Why is there a levy/export charge on apples and pears?
The Australian Government introduces levies and export charges at the request of industry. These levies variously fund research and development, marketing, residue testing, plant and animal biosecurity programs and emergency responses for industry.
The apples and pears (excluding nashi) levy and export charge funds Horticulture Innovation Australia Limited (HIAL) apple and pear research and development (R&D) and marketing, National Residue Survey (NRS) testing and Plant Health Australia (PHA) plant health programs. To find out more, visit Horticulture Innovation Australia Limited, Plant Health Australia website and Department of Agriculture - National Residue Survey website.
What is the levy/export charge payable on?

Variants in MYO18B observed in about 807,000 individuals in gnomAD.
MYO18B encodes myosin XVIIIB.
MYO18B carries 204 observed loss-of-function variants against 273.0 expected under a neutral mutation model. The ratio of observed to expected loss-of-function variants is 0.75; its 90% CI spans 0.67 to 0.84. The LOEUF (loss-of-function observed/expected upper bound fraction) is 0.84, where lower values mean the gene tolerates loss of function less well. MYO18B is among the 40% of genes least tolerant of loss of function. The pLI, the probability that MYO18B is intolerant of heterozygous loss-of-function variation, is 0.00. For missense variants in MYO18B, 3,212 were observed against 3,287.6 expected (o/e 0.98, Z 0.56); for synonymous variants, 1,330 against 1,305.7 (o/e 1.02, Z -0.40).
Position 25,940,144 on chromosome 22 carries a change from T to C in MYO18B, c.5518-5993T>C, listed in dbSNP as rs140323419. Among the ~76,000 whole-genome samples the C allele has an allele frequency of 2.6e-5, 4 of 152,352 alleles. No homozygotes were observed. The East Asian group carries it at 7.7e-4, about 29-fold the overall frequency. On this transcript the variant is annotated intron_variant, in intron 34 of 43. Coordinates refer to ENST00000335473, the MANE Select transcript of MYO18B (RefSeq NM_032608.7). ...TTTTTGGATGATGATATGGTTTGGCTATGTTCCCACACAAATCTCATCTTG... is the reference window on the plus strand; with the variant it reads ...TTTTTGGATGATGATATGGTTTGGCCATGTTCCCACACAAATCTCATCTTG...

Levy is payable on apples and pears (excluding nashi) produced in Australia where the producer either sells the product or uses it in the production of other goods.
Export charge is payable on apples and pears (excluding nashi) produced in and exported from Australia. No export charge is payable if domestic levy has been paid on the product to be exported.
Who pays the levy/export charge? Who submits returns?
The producer (the person who owns the apples and pears immediately after harvest) is liable to pay the levy.
If the producer sells their produce through an intermediary, such as a first purchaser, buying agent, selling agent or merchant, the intermediary must pay levy and submit all return forms on behalf of the producer. The intermediary can recover from the producer the amount of levy paid, by offset or otherwise.
If the producer sells apples and pears by retail sale—for example, direct to the consumer at roadside stalls or through shed or farm gate sales—or uses them to produce fruit juice or another processed product, they must pay levy and submit all return forms directly to the Department of Agriculture - Levies.
The producer—that is, the person who owns the product at the time of export from Australia—is liable to pay the export charge and submit return forms to the Department of Agriculture - Levies.